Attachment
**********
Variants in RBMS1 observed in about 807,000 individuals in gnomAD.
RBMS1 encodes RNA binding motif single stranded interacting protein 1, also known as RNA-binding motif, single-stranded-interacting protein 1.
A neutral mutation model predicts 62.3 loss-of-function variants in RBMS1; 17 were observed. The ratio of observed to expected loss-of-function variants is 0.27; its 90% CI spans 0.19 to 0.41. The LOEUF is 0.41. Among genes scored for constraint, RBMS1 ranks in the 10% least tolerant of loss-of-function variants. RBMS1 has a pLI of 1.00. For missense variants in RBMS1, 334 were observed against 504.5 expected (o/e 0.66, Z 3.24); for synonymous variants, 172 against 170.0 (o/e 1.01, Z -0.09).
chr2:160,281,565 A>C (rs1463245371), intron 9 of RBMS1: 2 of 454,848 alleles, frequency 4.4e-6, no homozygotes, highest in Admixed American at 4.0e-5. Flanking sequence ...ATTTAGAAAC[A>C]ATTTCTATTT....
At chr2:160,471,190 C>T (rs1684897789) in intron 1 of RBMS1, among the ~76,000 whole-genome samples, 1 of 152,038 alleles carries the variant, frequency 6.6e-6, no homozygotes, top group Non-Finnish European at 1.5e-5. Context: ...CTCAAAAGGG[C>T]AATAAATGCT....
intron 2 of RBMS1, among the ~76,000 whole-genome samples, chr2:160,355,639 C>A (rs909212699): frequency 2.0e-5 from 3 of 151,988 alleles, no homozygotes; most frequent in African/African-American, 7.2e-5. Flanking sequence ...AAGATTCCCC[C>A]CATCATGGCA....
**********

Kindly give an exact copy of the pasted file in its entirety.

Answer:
Variants in RBMS1 observed in about 807,000 individuals in gnomAD.
RBMS1 encodes RNA binding motif single stranded interacting protein 1, also known as RNA-binding motif, single-stranded-interacting protein 1.
A neutral mutation model predicts 62.3 loss-of-function variants in RBMS1; 17 were observed. The ratio of observed to expected loss-of-function variants is 0.27; its 90% CI spans 0.19 to 0.41. The LOEUF is 0.41. Among genes scored for constraint, RBMS1 ranks in the 10% least tolerant of loss-of-function variants. RBMS1 has a pLI of 1.00. For missense variants in RBMS1, 334 were observed against 504.5 expected (o/e 0.66, Z 3.24); for synonymous variants, 172 against 170.0 (o/e 1.01, Z -0.09).
chr2:160,281,565 A>C (rs1463245371), intron 9 of RBMS1: 2 of 454,848 alleles, frequency 4.4e-6, no homozygotes, highest in Admixed American at 4.0e-5. Flanking sequence ...ATTTAGAAAC[A>C]ATTTCTATTT....
At chr2:160,471,190 C>T (rs1684897789) in intron 1 of RBMS1, among the ~76,000 whole-genome samples, 1 of 152,038 alleles carries the variant, frequency 6.6e-6, no homozygotes, top group Non-Finnish European at 1.5e-5. Context: ...CTCAAAAGGG[C>T]AATAAATGCT....
intron 2 of RBMS1, among the ~76,000 whole-genome samples, chr2:160,355,639 C>A (rs909212699): frequency 2.0e-5 from 3 of 151,988 alleles, no homozygotes; most frequent in African/African-American, 7.2e-5. Flanking sequence ...AAGATTCCCC[C>A]CATCATGGCA....